If possible configure your connection pool to avoid periodic spikes in new connections, also known as "thundering herds" or "connection storms." Most connection pools offer the ability to stagger their connection age through the use of a connection lifetime "jitter," where the wait time between new connections is randomized. Using a connection jitter of 10% of the maximum connection lifetime smooths out the rate of new connections to a cluster. For example, for a maximum connection lifetime of 1800 seconds (30 minutes), set the connection jitter to 500 seconds (3 minutes).

Validate connections in a pool

After a connection pool initializes connections to CockroachDB clusters, those connections can occasionally break. This could be due to changes in the cluster topography, or rolling upgrades and restarts, or network disruptions.

Validating connections is typically handled automatically by the connection pool. For example, in HikariCP the connection is validated whenever you request a connection from the pool, and the keepaliveTime property allows you to configure an interval to periodically check if the connections in the pool are valid. Whatever connection pool you use, make sure connection validation is enabled when running your application.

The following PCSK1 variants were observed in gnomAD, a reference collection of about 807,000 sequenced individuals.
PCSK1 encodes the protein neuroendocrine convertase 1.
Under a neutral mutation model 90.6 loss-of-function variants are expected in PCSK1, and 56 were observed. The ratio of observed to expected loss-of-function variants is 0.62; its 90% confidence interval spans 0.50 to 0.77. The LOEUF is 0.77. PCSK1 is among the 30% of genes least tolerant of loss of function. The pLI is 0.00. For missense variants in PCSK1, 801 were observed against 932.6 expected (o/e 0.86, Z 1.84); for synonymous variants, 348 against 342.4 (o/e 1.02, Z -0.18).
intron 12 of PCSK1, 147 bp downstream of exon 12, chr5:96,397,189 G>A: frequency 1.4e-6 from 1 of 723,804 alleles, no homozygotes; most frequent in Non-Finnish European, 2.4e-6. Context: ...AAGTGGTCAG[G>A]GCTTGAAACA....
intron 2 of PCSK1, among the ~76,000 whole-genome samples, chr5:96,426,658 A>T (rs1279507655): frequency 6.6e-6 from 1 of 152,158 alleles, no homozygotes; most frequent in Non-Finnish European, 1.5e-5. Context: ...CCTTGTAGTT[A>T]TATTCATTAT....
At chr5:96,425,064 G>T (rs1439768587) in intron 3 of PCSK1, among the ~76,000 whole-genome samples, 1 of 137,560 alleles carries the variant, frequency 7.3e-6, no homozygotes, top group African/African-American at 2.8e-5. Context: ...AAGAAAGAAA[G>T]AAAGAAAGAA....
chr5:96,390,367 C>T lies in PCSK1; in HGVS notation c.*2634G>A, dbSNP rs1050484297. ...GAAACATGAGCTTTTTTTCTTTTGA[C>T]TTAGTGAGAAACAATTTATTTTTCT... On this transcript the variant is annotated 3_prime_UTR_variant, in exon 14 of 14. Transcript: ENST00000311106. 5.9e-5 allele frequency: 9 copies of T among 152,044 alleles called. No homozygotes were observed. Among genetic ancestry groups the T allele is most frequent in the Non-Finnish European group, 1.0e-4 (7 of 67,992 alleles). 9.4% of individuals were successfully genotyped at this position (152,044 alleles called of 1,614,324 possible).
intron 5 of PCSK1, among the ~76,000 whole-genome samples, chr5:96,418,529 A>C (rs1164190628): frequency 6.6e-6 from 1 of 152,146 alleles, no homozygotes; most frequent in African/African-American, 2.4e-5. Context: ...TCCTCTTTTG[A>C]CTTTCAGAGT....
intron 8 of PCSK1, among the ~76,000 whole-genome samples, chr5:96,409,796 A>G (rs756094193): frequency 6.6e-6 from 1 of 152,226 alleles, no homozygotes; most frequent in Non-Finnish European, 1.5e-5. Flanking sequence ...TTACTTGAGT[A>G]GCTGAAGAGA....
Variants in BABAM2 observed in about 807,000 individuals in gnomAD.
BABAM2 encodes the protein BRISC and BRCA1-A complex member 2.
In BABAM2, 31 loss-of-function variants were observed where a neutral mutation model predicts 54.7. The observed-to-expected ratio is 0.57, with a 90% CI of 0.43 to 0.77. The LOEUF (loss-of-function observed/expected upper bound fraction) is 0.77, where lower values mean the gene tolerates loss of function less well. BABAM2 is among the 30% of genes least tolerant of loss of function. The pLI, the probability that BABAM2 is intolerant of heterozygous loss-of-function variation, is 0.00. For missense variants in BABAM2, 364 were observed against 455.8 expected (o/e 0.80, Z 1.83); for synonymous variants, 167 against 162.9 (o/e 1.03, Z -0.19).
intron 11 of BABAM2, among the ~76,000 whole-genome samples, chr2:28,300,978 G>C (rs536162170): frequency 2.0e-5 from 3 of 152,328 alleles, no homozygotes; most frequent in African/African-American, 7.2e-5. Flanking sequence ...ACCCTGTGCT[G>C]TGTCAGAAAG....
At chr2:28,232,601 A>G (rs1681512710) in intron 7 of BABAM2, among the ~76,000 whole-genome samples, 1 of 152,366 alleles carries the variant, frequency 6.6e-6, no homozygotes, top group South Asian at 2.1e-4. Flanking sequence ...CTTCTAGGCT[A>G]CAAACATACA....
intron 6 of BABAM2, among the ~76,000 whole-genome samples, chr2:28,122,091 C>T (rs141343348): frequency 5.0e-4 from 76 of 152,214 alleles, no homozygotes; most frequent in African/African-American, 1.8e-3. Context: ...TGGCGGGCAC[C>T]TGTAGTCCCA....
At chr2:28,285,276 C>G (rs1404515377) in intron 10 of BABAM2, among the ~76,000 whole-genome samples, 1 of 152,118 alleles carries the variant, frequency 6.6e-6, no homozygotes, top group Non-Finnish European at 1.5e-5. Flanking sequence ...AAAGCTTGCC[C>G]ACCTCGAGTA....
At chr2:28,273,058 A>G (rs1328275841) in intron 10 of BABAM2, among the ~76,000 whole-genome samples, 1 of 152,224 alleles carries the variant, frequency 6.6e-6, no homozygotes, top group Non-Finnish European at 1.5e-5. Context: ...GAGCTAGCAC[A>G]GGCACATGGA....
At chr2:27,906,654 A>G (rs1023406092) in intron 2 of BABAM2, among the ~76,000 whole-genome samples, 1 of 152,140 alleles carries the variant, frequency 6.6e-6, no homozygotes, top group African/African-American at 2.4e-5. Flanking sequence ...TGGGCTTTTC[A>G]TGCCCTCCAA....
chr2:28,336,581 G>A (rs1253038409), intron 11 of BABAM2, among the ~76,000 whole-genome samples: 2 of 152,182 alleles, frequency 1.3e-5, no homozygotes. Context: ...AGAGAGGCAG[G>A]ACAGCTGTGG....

Size connection pools

If your connection pool is properly configured, the total number of connections to your cluster will typically be at least 100 times larger than the number of new connections per second to your cluster.

Idle connections in CockroachDB do not consume many resources compared to PostgreSQL. Unlike PostgreSQL, which has a hard limit of 5000 connections, CockroachDB can safely support tens of thousands of connections.

The SQL Connection Attempts graph shows how many new connections are being created each second. The SQL Open Sessions graph shows the total number of SQL client connections across the cluster. To determine if your connection pool is correctly configured use the metrics from these graphs in the following formula:

SQL Connection Attempts < SQL Open Sessions/100